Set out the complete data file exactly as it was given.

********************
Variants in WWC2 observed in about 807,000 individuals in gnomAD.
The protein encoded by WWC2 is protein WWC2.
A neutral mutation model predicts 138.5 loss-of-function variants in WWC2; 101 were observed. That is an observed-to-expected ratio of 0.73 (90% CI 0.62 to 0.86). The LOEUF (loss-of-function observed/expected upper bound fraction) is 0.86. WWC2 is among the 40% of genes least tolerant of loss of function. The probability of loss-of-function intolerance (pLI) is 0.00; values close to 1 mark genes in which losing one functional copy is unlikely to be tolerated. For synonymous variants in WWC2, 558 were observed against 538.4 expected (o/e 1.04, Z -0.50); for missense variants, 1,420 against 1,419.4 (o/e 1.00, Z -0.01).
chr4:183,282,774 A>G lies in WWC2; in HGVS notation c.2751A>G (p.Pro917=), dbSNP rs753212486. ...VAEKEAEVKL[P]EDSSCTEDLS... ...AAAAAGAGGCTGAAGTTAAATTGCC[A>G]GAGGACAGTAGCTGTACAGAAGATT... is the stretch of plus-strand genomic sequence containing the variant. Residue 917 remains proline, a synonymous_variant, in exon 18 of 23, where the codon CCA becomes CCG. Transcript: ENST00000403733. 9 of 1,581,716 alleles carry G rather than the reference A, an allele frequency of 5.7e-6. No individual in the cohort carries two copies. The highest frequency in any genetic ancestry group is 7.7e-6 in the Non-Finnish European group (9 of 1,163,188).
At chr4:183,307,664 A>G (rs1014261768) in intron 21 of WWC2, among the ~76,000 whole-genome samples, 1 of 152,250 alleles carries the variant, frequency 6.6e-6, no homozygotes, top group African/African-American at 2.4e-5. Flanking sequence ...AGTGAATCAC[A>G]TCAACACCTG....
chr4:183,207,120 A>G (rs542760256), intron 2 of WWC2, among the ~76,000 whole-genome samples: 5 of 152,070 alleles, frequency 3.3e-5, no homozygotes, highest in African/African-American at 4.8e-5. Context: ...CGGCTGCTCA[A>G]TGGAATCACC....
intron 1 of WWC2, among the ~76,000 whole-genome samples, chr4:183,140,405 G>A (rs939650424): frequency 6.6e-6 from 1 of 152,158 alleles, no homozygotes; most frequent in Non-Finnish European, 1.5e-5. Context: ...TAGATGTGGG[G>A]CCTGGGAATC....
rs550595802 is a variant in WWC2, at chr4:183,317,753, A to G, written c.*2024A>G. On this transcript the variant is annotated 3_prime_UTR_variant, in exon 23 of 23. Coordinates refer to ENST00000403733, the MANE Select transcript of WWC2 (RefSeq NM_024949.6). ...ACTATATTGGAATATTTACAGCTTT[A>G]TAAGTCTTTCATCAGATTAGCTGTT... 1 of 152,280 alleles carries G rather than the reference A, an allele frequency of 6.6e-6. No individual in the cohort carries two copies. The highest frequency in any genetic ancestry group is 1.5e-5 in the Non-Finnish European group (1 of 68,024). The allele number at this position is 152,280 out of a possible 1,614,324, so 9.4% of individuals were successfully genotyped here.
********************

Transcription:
Variants in WWC2 observed in about 807,000 individuals in gnomAD.
The protein encoded by WWC2 is protein WWC2.
A neutral mutation model predicts 138.5 loss-of-function variants in WWC2; 101 were observed. That is an observed-to-expected ratio of 0.73 (90% CI 0.62 to 0.86). The LOEUF (loss-of-function observed/expected upper bound fraction) is 0.86. WWC2 is among the 40% of genes least tolerant of loss of function. The probability of loss-of-function intolerance (pLI) is 0.00; values close to 1 mark genes in which losing one functional copy is unlikely to be tolerated. For synonymous variants in WWC2, 558 were observed against 538.4 expected (o/e 1.04, Z -0.50); for missense variants, 1,420 against 1,419.4 (o/e 1.00, Z -0.01).
chr4:183,282,774 A>G lies in WWC2; in HGVS notation c.2751A>G (p.Pro917=), dbSNP rs753212486. ...VAEKEAEVKL[P]EDSSCTEDLS... ...AAAAAGAGGCTGAAGTTAAATTGCC[A>G]GAGGACAGTAGCTGTACAGAAGATT... is the stretch of plus-strand genomic sequence containing the variant. Residue 917 remains proline, a synonymous_variant, in exon 18 of 23, where the codon CCA becomes CCG. Transcript: ENST00000403733. 9 of 1,581,716 alleles carry G rather than the reference A, an allele frequency of 5.7e-6. No individual in the cohort carries two copies. The highest frequency in any genetic ancestry group is 7.7e-6 in the Non-Finnish European group (9 of 1,163,188).
At chr4:183,307,664 A>G (rs1014261768) in intron 21 of WWC2, among the ~76,000 whole-genome samples, 1 of 152,250 alleles carries the variant, frequency 6.6e-6, no homozygotes, top group African/African-American at 2.4e-5. Flanking sequence ...AGTGAATCAC[A>G]TCAACACCTG....
chr4:183,207,120 A>G (rs542760256), intron 2 of WWC2, among the ~76,000 whole-genome samples: 5 of 152,070 alleles, frequency 3.3e-5, no homozygotes, highest in African/African-American at 4.8e-5. Context: ...CGGCTGCTCA[A>G]TGGAATCACC....
intron 1 of WWC2, among the ~76,000 whole-genome samples, chr4:183,140,405 G>A (rs939650424): frequency 6.6e-6 from 1 of 152,158 alleles, no homozygotes; most frequent in Non-Finnish European, 1.5e-5. Context: ...TAGATGTGGG[G>A]CCTGGGAATC....
rs550595802 is a variant in WWC2, at chr4:183,317,753, A to G, written c.*2024A>G. On this transcript the variant is annotated 3_prime_UTR_variant, in exon 23 of 23. Coordinates refer to ENST00000403733, the MANE Select transcript of WWC2 (RefSeq NM_024949.6). ...ACTATATTGGAATATTTACAGCTTT[A>G]TAAGTCTTTCATCAGATTAGCTGTT... 1 of 152,280 alleles carries G rather than the reference A, an allele frequency of 6.6e-6. No individual in the cohort carries two copies. The highest frequency in any genetic ancestry group is 1.5e-5 in the Non-Finnish European group (1 of 68,024). The allele number at this position is 152,280 out of a possible 1,614,324, so 9.4% of individuals were successfully genotyped here.